D. There is no way for the participants information to be linked to their identity
    12:34 pm

Sunday, February 15

  1. page 2. Tea Room Trade edited ... Humphreys' Research: Ethical violations Review of Laud Humphreys' research on the tearoom tra…
    ...
    Humphreys' Research: Ethical violations
    Review of Laud Humphreys' research on the tearoom trade found many violations of current research ethical practices. One significant violation was Humphreys deceiving the men using the public bathrooms (tearooms) that he was only a participant, a lookout for the police. He did not inform the participants he observed, then followed and surveyed, that he was a researcher observing behavior and using survey measurements to gather data for a dissertation study. Another significant violation was Humphreys not providing informed consent of his identity as a researcher to the participants, of the demographic data survey the "participants" completed, and his intentions of using the data from the survey. A third ethical violation that occurred was Humphreys' invasion of the participants' privacy. According to SexInfo Online (2015), after observing the men in the tearoom, "Humphreys wrote down the license plate numbers of the men whom he observed and traced them to their homes, where he had them fill out a questionnaire, pretending that it was for a general 'social health survey.'"
    ...
    Trade influenced current research ethicsResearchers now have an obligation to adhere to guidelines and regulations in regards to the treatment and well-being of their test subjects and research participants. One of the first violations Humphreys committed was neglecting to inform all of the people he was observing that he was, in fact, using them for observation and study and further, neglected to fully and honestly disclose the nature of his research. Researchers must also now verify that participants completely understand their role in the study and how the findings will be used, and must assert their free and clear willingness to be a part of any such project. It is expected that researchers will exercise moral and ethical behavior in deeming the competency and ability of their subjects to agree to any and all terms and expectations. Most importantly, current research ethics mandate obtaining informed consent of all participants, assuring the protection of each individual’s freedom.
    References
    Lenza, M. (2004, March 4). Controversies surrounding laud humphrey's tearoom trade: an unsettling example of politics and power in methodological critiques. International Journal of Sociology and Social Policy, 24, 20-31.
    SexInfo Online. (2015). The tearoom trade. Retrieved from http://www.soc.ucsb.edu/sexinfo/article/tearoom-trade.
    Sieber, J. (1977). Laud Humphreys and the Tearoom Sex Study. Retrieved January 29, 2015, from http://web.missouri.edu/~bondesonw/Laud.html.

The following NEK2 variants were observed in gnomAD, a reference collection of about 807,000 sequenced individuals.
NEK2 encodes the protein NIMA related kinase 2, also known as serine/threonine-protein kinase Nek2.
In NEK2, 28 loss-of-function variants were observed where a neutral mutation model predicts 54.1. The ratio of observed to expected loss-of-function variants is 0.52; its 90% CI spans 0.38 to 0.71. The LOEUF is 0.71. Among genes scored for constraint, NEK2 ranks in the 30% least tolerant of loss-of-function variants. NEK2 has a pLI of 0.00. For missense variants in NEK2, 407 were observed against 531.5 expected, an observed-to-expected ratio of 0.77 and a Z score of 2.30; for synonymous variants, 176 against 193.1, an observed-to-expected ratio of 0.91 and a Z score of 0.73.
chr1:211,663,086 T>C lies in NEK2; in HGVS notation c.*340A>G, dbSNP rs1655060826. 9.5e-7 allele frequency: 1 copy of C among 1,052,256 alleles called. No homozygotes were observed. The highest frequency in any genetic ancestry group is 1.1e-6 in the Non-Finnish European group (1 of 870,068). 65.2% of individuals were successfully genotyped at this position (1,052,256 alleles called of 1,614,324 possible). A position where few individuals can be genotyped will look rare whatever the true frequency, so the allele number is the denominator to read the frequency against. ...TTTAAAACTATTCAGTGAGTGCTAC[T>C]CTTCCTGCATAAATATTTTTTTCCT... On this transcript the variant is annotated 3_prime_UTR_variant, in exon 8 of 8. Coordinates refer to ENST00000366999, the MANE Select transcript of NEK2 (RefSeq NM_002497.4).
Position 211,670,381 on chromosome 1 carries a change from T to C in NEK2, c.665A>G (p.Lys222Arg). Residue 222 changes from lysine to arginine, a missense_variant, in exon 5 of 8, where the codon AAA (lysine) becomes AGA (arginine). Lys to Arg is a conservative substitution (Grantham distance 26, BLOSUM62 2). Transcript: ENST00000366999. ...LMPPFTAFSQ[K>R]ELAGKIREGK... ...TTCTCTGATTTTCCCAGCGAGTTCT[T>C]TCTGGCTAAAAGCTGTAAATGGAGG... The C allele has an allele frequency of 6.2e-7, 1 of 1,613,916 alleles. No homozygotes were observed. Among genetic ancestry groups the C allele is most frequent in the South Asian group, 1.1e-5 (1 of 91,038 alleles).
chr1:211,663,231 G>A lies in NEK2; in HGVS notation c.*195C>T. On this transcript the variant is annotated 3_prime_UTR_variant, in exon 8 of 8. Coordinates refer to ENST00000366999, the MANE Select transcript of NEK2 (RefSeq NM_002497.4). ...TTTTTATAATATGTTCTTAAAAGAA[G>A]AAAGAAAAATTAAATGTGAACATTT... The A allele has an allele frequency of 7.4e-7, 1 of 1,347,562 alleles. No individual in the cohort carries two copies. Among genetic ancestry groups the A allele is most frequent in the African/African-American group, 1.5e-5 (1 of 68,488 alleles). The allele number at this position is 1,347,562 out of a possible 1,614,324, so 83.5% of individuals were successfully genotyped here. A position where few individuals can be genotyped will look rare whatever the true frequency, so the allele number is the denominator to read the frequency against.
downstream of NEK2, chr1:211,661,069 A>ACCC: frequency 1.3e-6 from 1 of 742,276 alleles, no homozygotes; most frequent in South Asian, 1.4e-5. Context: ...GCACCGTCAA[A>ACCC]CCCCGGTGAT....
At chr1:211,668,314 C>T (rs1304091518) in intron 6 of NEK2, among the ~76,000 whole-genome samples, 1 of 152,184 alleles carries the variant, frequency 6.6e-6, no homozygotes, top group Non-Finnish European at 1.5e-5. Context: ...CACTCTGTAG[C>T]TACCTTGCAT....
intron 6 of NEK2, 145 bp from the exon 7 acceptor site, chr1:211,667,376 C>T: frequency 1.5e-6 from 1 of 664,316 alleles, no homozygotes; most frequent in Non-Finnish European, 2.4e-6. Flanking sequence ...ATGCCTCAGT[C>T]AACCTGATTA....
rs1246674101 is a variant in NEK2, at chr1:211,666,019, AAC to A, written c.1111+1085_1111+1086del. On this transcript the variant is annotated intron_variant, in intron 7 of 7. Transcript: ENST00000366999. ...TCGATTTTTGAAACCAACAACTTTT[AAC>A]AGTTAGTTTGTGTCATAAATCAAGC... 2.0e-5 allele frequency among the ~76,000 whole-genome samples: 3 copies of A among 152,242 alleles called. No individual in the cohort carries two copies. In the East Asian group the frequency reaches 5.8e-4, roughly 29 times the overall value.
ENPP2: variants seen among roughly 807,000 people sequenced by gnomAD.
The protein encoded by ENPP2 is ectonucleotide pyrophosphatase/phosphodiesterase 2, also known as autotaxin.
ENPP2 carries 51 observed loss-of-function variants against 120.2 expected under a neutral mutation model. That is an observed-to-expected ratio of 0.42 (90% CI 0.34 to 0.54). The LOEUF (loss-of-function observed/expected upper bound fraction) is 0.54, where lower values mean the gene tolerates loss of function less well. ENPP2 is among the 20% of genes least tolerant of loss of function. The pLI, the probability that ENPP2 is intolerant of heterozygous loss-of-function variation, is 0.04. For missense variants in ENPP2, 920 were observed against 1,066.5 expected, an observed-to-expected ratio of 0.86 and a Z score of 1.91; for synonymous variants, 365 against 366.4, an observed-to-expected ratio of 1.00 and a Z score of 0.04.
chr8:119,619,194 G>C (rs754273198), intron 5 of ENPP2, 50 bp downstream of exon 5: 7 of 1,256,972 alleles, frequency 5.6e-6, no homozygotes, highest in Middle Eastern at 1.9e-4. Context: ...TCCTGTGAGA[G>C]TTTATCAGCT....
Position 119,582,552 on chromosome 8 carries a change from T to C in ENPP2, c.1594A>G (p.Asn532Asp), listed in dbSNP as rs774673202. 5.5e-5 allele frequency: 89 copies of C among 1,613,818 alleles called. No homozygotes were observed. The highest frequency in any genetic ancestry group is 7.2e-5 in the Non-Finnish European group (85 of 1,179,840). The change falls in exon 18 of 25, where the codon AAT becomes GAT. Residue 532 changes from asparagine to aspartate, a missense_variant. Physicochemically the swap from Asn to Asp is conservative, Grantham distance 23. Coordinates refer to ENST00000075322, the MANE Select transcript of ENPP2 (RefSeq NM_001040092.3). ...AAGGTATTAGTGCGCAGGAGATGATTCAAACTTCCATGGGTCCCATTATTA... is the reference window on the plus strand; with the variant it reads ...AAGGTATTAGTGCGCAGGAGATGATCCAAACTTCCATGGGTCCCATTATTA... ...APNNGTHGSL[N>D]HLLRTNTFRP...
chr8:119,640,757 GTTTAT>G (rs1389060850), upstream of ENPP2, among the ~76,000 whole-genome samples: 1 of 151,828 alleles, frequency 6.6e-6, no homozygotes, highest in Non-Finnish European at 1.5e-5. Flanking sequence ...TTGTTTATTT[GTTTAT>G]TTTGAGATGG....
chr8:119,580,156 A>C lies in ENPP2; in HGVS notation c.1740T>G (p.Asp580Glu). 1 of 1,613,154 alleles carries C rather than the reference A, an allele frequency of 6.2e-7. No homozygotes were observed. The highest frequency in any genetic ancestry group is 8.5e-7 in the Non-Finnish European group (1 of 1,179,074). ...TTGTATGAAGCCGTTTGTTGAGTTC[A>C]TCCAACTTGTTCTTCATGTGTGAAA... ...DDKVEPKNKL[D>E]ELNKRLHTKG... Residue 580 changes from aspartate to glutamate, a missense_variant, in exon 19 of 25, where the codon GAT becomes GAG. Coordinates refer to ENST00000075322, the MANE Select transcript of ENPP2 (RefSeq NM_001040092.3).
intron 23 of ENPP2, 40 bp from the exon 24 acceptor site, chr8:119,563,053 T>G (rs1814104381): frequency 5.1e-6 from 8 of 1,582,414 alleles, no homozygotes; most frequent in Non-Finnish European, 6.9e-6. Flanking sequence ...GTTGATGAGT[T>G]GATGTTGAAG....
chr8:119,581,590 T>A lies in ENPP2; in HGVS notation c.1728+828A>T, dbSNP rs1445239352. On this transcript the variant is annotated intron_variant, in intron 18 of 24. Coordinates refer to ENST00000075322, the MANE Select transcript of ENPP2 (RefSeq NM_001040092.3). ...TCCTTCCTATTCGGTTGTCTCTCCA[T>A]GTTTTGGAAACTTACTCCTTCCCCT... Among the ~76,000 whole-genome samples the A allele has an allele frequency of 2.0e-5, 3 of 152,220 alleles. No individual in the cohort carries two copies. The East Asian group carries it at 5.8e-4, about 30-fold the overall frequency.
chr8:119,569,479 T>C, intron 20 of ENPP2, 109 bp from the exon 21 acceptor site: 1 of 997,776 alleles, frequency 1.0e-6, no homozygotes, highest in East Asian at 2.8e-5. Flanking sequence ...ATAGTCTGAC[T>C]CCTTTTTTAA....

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    9:03 pm
  2. msg Consideration message posted Consideration Edit to the above: A prime example of the above would be a researcher using an inappropriate onlin…
    Consideration
    Edit to the above:
    A prime example of the above would be a researcher using an inappropriate online source to collect participant interviews, such as Facebook, on a public computer. If the researcher does not sign out of their account or is using an unsecured connection, anyone would be able to easily view their interviews and thus completely compromise the privacy and confidentiality of their participants.
    6:27 pm

Thursday, February 12

  1. page 6. Truthtelling and Deception edited ... Whether the deception is active or passive, it has the potential to misguide the results. This…
    ...
    Whether the deception is active or passive, it has the potential to misguide the results. This challenges the researcher to trust and remind the participants of the major importance of honesty and complete truthtelling. Without true answers for true results and findings, it would be difficult, if not impossible, to further our knowledge and understanding of human sexuality for the progress of the field.
    Give one example that illustrates the issue.
    ...
    female" categories. About half of the participants answered the questions while hooked up to a machine that they were told could detect lies (the machine actually did nothing). The males who were not attached the machine stated having more sex partners than those that were attached the machine. Females who were not attached the machine reported having fewer sex partners than those attached to the machine. Fisher concluded that the students not hooked up to the machine may have been lying to fit their gender stereotypes (Novotney, 2013).